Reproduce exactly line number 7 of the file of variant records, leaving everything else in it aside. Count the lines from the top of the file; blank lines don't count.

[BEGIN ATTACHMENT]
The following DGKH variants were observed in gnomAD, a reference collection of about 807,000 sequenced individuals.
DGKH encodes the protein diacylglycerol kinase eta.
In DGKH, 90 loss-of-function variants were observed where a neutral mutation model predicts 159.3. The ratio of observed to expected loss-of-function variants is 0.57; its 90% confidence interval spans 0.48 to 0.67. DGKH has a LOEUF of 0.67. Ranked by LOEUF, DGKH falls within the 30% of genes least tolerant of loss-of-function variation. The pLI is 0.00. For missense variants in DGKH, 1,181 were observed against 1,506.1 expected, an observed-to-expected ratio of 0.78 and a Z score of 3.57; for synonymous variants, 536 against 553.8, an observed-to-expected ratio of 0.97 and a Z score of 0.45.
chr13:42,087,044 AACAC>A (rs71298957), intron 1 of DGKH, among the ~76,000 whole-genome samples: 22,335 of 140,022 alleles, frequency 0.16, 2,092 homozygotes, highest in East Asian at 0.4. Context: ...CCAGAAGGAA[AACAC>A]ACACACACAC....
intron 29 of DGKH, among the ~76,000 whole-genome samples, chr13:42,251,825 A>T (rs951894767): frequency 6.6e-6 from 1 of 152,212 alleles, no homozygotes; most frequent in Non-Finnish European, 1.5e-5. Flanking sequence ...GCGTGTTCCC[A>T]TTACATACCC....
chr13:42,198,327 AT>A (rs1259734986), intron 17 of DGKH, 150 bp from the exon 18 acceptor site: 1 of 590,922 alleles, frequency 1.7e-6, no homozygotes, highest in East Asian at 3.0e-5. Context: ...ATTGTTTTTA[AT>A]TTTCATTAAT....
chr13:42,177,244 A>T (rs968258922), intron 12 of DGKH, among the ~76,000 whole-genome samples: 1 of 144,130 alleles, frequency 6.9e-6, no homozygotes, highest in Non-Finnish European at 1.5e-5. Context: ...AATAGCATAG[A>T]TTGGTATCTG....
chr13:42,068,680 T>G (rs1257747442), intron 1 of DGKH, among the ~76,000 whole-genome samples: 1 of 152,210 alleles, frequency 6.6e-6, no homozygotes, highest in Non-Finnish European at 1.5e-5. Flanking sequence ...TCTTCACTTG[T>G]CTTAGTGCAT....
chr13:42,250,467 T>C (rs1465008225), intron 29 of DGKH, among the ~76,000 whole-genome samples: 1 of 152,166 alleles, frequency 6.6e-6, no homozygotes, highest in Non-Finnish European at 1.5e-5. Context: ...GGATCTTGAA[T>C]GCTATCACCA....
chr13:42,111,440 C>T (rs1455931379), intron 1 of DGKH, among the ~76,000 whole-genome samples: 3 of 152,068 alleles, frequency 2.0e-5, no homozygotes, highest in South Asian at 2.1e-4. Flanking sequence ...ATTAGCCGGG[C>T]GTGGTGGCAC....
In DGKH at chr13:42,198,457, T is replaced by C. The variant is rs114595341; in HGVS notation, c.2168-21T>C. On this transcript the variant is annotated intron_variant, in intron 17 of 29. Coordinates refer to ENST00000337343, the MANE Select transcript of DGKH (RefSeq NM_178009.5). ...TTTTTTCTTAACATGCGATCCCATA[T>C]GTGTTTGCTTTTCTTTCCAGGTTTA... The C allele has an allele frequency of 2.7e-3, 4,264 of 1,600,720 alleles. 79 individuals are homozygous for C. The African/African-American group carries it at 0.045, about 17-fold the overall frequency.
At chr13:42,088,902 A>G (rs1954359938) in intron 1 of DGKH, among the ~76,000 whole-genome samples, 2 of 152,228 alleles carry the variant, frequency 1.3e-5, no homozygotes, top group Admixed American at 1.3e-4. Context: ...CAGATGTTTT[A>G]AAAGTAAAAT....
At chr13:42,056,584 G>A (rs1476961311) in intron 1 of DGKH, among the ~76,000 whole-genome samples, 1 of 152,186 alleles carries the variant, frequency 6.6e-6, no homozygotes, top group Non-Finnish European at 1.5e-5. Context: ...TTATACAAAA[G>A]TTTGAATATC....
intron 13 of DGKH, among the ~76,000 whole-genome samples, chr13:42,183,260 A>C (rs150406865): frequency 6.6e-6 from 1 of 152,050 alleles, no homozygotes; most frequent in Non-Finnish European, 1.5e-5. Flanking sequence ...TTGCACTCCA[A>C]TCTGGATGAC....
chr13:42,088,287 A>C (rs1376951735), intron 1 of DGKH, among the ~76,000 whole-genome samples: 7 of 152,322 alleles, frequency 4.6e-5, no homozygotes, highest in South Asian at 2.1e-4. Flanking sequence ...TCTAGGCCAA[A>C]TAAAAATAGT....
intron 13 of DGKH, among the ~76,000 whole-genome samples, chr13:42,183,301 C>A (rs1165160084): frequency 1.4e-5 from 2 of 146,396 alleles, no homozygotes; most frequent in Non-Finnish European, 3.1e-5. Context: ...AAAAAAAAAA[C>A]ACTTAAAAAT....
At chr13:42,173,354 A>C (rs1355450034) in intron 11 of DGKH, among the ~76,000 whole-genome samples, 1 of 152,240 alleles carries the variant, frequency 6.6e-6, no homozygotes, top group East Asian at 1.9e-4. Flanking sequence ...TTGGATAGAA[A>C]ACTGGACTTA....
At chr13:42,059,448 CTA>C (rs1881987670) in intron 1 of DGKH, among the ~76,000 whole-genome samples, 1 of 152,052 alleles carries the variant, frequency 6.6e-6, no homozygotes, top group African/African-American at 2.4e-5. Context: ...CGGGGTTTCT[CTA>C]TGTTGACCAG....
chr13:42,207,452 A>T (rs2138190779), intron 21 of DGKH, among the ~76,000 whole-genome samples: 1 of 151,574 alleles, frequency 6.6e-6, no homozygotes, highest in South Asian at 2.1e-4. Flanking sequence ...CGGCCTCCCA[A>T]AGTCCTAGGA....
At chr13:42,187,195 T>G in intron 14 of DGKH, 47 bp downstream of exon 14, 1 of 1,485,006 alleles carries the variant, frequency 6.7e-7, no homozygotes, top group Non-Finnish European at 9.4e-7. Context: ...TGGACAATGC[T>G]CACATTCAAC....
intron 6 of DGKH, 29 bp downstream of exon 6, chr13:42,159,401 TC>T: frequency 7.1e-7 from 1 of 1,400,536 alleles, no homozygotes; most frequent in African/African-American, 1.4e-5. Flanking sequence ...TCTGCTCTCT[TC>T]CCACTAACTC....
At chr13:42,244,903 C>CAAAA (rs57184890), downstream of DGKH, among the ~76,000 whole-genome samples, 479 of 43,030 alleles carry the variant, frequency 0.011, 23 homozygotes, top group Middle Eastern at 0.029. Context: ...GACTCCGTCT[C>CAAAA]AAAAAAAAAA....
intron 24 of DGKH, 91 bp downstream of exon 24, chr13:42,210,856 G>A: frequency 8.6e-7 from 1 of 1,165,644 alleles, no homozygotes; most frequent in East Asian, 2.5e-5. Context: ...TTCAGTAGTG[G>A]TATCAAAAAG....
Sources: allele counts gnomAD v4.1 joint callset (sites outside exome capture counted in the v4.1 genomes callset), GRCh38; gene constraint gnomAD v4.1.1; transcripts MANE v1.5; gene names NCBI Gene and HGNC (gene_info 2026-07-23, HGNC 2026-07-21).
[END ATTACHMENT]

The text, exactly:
chr13:42,177,244 A>T (rs968258922), intron 12 of DGKH, among the ~76,000 whole-genome samples: 1 of 144,130 alleles, frequency 6.9e-6, no homozygotes, highest in Non-Finnish European at 1.5e-5. Context: ...AATAGCATAG[A>T]TTGGTATCTG....